The Wilderness Series, on the other hand, was inspired by the beautiful French countryside where Fern’s sister lives, and the Waves Series was inspired by Fern’s obvious love for the sea.
The Making Of
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- Typically, it takes about a month to create the prints on the fabric. This long process during the initial phase is due to the fact that it involves many different steps, according to Fern. From mood boards and research that are in the inspiration stage, the focus then moves on to colour palette and print design.
- Once the idea is set, Fern will send the selected colour palettes to her batik artisans, where they will work on it. Most of the time, it will have a different outcome. Despite trying their best to get the colours as accurate as intended, it usually varies during the batik process. Colour tweaking is then done to match it as closely as possible.
- Samples are then made, and different prints are created. Production of the actual garment follows after, as wax is removed and the fabric left to dry before sending it back to the studio for sewing.
- Customisation takes about three to four weeks, but seven to eight for festive seasons (so, remember to start booking and customising early!). Fern’s team has to familiarise themselves with the prints to quicken the replication process onto the selected colours chosen by the customers, based on their colour range. Once the fabric is done, it is once again sent to the studio for sewing.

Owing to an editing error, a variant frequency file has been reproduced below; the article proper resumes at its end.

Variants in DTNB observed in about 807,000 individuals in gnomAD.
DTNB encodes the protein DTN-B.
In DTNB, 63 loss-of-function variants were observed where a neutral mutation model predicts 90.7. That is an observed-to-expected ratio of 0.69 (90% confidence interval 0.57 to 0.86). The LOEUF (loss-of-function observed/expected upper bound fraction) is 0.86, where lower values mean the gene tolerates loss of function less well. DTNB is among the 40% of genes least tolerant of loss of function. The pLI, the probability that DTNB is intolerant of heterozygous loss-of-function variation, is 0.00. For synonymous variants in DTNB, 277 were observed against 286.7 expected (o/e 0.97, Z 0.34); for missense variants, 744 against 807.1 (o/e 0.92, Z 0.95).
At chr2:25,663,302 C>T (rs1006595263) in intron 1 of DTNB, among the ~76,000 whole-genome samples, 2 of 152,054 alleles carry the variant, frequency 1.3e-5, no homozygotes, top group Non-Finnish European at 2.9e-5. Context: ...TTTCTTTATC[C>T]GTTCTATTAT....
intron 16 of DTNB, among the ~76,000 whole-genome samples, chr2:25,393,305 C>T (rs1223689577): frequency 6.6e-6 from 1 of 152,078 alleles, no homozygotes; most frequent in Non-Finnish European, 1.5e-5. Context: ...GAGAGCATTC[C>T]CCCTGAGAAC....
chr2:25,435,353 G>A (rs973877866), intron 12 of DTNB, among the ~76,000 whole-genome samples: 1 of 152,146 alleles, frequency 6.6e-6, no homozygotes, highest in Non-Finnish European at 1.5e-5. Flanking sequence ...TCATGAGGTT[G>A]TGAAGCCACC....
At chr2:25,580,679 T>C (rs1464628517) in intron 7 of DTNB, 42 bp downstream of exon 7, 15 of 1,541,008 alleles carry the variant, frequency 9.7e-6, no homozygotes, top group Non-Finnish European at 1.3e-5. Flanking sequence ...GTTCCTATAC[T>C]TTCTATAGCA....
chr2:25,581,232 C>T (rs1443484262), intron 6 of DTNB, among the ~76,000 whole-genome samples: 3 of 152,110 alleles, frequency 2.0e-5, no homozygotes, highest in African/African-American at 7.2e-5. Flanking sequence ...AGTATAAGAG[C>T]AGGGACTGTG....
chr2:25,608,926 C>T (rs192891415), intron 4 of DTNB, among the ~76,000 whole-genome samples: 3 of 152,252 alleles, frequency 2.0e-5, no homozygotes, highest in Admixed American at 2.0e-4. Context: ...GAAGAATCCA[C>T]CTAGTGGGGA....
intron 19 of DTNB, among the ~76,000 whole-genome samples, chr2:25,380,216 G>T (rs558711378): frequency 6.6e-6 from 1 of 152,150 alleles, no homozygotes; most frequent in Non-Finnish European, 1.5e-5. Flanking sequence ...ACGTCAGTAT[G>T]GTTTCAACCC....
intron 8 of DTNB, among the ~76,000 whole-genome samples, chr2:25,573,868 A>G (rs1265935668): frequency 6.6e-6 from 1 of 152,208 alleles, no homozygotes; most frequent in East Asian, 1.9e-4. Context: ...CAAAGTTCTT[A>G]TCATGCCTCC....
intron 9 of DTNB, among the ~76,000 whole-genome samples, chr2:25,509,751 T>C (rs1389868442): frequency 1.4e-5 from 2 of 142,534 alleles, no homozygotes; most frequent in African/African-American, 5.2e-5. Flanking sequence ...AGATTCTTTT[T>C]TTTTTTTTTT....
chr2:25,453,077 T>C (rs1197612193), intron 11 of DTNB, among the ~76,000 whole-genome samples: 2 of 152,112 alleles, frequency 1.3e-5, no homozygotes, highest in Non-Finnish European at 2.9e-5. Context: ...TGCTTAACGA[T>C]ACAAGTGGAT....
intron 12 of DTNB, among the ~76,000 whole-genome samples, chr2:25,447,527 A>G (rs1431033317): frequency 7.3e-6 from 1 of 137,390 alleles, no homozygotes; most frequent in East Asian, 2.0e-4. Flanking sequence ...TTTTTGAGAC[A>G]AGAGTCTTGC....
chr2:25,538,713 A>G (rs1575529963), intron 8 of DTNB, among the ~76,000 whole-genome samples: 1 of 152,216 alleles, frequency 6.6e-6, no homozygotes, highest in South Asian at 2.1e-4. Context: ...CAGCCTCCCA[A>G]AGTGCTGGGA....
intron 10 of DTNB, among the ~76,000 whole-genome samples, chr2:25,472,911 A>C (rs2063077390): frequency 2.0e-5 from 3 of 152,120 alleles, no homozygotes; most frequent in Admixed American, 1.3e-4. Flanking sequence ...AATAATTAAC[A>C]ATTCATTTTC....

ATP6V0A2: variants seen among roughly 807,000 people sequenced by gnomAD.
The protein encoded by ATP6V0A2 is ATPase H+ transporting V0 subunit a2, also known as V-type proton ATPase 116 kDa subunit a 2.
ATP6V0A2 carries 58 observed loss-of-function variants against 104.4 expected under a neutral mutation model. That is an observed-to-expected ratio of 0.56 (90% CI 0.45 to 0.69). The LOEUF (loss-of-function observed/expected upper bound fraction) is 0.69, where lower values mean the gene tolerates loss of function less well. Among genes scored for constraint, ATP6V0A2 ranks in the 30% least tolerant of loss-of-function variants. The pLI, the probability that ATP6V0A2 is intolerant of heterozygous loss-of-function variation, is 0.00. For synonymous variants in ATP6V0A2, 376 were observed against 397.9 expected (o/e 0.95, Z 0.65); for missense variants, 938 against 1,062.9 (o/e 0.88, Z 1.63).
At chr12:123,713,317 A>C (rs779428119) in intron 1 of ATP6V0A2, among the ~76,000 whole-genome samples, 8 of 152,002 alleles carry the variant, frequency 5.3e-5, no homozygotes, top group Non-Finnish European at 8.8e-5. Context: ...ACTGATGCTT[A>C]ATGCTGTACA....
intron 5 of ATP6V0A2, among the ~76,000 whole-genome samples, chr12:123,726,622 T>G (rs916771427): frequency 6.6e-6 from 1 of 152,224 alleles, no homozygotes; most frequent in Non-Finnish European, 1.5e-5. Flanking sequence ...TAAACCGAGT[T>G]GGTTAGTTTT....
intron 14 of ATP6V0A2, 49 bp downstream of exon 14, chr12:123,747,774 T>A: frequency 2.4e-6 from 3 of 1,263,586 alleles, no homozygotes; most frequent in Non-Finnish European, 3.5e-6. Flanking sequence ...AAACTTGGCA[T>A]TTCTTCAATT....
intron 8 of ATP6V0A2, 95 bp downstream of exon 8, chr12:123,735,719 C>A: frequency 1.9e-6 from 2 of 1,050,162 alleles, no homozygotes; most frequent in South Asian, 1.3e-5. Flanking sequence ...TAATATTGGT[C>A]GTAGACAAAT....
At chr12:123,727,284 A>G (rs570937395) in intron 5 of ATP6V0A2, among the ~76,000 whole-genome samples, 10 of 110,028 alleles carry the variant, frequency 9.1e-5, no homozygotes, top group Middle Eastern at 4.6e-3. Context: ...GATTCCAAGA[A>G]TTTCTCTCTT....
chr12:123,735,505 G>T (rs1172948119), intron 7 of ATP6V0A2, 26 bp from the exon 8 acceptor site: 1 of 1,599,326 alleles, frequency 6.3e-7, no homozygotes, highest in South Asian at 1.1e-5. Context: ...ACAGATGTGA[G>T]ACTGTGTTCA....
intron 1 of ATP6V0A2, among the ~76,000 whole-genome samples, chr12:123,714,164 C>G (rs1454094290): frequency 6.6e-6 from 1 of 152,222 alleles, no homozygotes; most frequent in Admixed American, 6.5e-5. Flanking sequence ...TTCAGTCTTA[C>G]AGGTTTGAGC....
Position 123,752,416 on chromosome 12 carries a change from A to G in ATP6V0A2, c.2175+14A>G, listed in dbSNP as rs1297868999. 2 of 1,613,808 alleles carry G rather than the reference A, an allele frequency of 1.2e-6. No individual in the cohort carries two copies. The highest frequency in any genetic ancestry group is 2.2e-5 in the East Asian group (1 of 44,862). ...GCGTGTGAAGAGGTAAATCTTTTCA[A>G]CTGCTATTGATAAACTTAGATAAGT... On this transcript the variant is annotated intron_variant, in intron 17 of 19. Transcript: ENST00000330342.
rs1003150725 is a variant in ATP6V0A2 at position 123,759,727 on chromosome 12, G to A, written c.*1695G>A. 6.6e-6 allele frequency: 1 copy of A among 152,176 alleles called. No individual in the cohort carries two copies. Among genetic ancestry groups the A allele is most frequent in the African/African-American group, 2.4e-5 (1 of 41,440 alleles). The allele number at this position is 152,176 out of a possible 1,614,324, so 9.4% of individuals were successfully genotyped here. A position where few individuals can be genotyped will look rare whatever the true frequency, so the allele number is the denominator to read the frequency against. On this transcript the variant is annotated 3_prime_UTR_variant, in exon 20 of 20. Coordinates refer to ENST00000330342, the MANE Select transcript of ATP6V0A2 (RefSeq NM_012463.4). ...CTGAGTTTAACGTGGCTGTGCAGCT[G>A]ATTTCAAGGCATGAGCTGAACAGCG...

Favourite Travel Spots In and Out of Malaysia
Japan has proved to be one of Fern’s favourite spots, as she has been there for about 13 times now, drawing a lot of inspiration from their culture and beauty in nature. However, the scenery of beaches, wide open forests and mountains in Australia and New Zealand are Fern’s firm favourites as well.
As a lover of architecture, art and nature, Europe is the best while Italy is renowned for its food and Brazil for its beaches and people. As a matter of fact, Brazil inspired her Waves Series.
For Asian and Malaysian destinations, Fern recommends Bangkok for their busy city life and bazaars, Redang and Perhentian for beautiful islands, and Penang for the food. Last but not least, despite all her travels, she still calls the quirky, diverse and charming KL city unbeatable.
Fern’s Tips On Choosing Batik
- Find a piece that offers comfort, yet still looks elegant. With our given climate and tropical weather, you need a piece that is breathable and comfortable to move around in. It is also nice to choose a piece that has exclusivity. It has to be something out of the ordinary and is unique for the festivities.
- With batik, less is more. Go minimalistic with the accessories and style pairings as batik prints can be quite bold. The prints and patterns should be the emphasis here, and paired with more simple shoes.
As for what’s next, a special collaboration by FERN Batik + Artisanal Collective will unveil itself this month. FERN will also be working with W Hotel Kuala Lumpur, to offer a unique luxury experience to clients by showcasing Malaysian Batik in a modern way. Plus, a new collection is underway – in the form of swimwear. Stay tuned!